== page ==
Increasing numbers, however, are disgruntled consumers; the term "debanked" often is used to describe this group. "While the Unbanked are often misperceived as disadvantaged consumers living outside mainstream society, the Debanked are anything but underprivileged," says Ron Shevlin, Senior Analyst with the consultancy Aite Group. The debanked expect features and functions that are similar, yet better, than checking accounts.
"They want instant gratification," said Terri Ferrisi, Vice President at Cachet Financial Solutions. Cachet has developed a mobile check deposit solution that is used by several prepaid and check-cashing services, including, Ingo, the Good Funds Network (nee Chexar).
Several products and services that were demonstrated and discussed last week respond to that need for instant gratification, leading one speaker to quip about the new "just in time" consumer service model. Many of these will be described and discussed in future posts. These are a few of the more novel alternatives that were showcased:
eNova is an online micro-lender that says it aims to "fill the gap" between traditional lending products and payday loans - was showcasing NetCredit. NetCredit is used by customers in 5 countries and 32 U.S. states, who together have taken more than 4 million loans totaling over $3.5 billion since 2012. NetCredit loans are available for amounts up to $6,000 at rates that are "a fraction of the typical payday lending instrument," company executives noted during a demonstration.
Fuze is a payment network that rides on existing POS card network rails and enables transactions to any payment card from any other card. The company's reCHARGE service "fuzes" together existing networks to support activities like bill payments and prepaid card loads that get handled like any other transaction at the merchant checkout. ReCHARGE is up and running with several retailers, including Old Navy, as well as check cashing establishments.
Mitek, a San Diego firm that holds patents on several mobile image capture processes has developed a consumer bill-pay app for smartphones. It works pretty much like photo check deposit products. "This may be a transitory product, as paper bills are going away," said Mike Strange, Mitek Chief Technology Officer. But for those who still receive bills, this app saves money, helps them to avoid late fees and provides greater convenience.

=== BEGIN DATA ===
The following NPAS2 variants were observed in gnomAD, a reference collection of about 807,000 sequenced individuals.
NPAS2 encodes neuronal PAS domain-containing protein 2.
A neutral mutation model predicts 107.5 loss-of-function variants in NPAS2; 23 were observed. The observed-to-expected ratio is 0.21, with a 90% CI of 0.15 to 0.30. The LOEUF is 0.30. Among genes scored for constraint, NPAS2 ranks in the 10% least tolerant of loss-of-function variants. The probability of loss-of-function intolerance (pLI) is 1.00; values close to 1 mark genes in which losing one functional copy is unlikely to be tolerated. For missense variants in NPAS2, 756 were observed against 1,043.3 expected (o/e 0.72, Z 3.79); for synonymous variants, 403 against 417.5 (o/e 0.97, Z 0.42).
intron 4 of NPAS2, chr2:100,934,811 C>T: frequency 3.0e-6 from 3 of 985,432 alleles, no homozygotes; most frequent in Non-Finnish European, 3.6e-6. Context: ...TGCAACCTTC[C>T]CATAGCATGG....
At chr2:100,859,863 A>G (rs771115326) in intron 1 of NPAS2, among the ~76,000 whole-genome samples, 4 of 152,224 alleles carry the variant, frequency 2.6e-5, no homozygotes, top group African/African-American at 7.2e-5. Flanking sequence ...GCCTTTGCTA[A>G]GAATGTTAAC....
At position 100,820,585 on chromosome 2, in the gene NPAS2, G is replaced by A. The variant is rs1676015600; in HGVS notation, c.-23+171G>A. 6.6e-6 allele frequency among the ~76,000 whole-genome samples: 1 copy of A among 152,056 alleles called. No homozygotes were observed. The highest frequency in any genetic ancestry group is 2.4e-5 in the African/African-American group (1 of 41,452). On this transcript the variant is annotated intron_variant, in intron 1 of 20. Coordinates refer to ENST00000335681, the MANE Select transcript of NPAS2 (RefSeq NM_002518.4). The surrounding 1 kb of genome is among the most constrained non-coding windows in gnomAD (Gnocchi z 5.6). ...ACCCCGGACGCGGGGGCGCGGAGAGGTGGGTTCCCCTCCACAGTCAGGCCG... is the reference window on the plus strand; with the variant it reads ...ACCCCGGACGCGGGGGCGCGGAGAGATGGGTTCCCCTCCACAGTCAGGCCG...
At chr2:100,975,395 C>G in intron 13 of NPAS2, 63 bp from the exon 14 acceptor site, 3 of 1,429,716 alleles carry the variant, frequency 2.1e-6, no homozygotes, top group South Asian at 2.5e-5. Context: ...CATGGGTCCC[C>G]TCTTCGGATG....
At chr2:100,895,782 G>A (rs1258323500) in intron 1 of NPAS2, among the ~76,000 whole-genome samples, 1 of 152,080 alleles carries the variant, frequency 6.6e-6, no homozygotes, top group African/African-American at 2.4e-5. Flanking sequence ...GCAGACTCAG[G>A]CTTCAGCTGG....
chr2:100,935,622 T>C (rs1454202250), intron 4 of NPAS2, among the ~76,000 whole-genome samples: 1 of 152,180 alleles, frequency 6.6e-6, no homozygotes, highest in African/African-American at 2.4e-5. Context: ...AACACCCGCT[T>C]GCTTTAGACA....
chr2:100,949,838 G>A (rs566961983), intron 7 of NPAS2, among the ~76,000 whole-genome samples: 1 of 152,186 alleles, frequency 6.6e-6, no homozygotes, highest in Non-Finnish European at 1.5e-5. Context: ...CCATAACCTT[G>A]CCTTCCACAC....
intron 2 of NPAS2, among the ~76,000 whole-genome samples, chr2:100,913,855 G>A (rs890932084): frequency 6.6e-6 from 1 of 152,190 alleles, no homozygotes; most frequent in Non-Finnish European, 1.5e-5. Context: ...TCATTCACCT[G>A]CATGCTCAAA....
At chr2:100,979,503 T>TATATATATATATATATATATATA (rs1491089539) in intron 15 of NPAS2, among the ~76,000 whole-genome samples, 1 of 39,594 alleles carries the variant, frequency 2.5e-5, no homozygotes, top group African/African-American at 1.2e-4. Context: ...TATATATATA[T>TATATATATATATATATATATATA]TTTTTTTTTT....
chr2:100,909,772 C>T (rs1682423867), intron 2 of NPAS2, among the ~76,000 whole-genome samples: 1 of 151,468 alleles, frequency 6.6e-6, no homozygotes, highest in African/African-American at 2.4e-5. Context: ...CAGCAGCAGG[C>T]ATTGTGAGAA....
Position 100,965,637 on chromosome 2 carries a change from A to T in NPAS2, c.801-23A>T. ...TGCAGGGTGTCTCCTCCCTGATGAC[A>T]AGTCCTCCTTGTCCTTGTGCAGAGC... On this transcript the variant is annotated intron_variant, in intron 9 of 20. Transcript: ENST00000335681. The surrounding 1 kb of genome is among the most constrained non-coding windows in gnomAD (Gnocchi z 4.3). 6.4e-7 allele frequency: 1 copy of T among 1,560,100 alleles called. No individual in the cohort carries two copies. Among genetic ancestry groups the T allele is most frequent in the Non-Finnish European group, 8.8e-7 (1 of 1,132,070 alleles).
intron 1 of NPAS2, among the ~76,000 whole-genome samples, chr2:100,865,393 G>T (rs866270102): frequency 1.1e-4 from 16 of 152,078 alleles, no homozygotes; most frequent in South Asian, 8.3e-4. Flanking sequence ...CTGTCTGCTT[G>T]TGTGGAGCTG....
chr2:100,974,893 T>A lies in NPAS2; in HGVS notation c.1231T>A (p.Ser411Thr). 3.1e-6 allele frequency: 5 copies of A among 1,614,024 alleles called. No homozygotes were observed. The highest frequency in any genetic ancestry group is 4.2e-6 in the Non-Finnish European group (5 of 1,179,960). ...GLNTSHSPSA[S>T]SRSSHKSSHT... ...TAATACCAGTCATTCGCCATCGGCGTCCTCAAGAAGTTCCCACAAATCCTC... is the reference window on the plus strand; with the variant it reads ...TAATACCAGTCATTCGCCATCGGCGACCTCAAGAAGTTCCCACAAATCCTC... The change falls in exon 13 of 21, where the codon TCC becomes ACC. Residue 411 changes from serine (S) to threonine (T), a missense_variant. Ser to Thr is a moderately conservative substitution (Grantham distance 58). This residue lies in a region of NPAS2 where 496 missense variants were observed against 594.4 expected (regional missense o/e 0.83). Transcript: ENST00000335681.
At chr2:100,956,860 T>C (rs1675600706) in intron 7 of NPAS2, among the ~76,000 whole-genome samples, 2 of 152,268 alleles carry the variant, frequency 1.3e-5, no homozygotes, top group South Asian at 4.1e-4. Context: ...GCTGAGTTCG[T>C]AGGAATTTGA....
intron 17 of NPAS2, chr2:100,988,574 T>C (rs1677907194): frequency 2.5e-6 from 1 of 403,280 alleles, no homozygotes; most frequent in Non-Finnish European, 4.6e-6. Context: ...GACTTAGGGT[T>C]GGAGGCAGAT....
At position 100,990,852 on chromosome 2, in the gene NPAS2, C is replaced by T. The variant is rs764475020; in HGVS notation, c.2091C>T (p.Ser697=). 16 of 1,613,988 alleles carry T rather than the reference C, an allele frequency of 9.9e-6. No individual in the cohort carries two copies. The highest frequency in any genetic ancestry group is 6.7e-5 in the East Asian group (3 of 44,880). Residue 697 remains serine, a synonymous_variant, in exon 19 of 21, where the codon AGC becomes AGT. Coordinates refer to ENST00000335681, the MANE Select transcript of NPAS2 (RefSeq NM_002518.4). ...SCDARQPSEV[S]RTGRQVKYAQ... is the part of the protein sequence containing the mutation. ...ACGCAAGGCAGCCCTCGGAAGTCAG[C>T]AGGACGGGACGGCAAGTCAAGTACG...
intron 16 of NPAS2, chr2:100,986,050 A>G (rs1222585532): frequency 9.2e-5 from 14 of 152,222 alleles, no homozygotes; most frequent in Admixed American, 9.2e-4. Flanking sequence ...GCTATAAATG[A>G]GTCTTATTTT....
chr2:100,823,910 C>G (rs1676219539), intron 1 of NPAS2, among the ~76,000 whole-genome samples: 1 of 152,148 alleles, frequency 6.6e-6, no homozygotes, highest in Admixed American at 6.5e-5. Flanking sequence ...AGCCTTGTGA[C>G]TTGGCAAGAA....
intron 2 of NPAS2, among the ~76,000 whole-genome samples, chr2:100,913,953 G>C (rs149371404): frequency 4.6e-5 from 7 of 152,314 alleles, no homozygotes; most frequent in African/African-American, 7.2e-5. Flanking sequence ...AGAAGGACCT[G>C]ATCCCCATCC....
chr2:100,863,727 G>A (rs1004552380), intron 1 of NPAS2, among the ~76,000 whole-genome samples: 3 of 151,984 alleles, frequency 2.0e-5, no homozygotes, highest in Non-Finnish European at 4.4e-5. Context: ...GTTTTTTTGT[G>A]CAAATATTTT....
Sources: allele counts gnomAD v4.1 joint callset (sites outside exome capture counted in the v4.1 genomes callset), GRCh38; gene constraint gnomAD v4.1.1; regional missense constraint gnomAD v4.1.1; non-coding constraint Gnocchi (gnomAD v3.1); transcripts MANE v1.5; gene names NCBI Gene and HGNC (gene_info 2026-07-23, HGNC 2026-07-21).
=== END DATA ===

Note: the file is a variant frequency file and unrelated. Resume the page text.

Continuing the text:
PayPerks pairs engaging tutorials about products features and benefits with the excitement of sweepstakes to promote financial behavior changes that are good for consumers and make money for financial services providers. It won an innovators challenge at the start of the Forum. More than a dozen new products and services competed in that challenge
Saturday, May 18, 2013
There is a common perception that unbanked and underbanked consumers (collectively, the "financially underserved")are poor. This may be the case in some countries (notably those in the developing world). But not in the U.S., where many choose to shun banks and credit unions for some but not all of their financial services needs.
The FDIC's defines an "underbanked" household is one where one or more member has a bank account but they also use prepaid debit cards. And according to new report, released this month by the Center for Financial Services Innovation (CFSI) and Core Innovation Capital, the underbanked market in the U.S. is sizable and robust, and made all the more attractive by an emerging market of financial services technology start ups.
"The underbanked market in the United States is currently estimated at $78 billion in annual revenue, serving 68 million consumers across 22 different financial product types," the two organizations stated in a press release.
The report, Financial Technology Trends in the Underbanked Market, highlights recent innovations in mobile technology, computing power, and data availability that are driving development of high-quality products and services for the underbanked. Morgan Stanley provided both strategic input and financial support for the report.
"The growing number and sophistication of companies point to the incredible opportunity presented by the underbanked market," said Arjan Schutte, Managing Partner at Core.
The report (click here to download) IDs four key trends impacting the underbanked market, each illustrated with a real case study of companies that successfully leveraged these trends. Success comes with: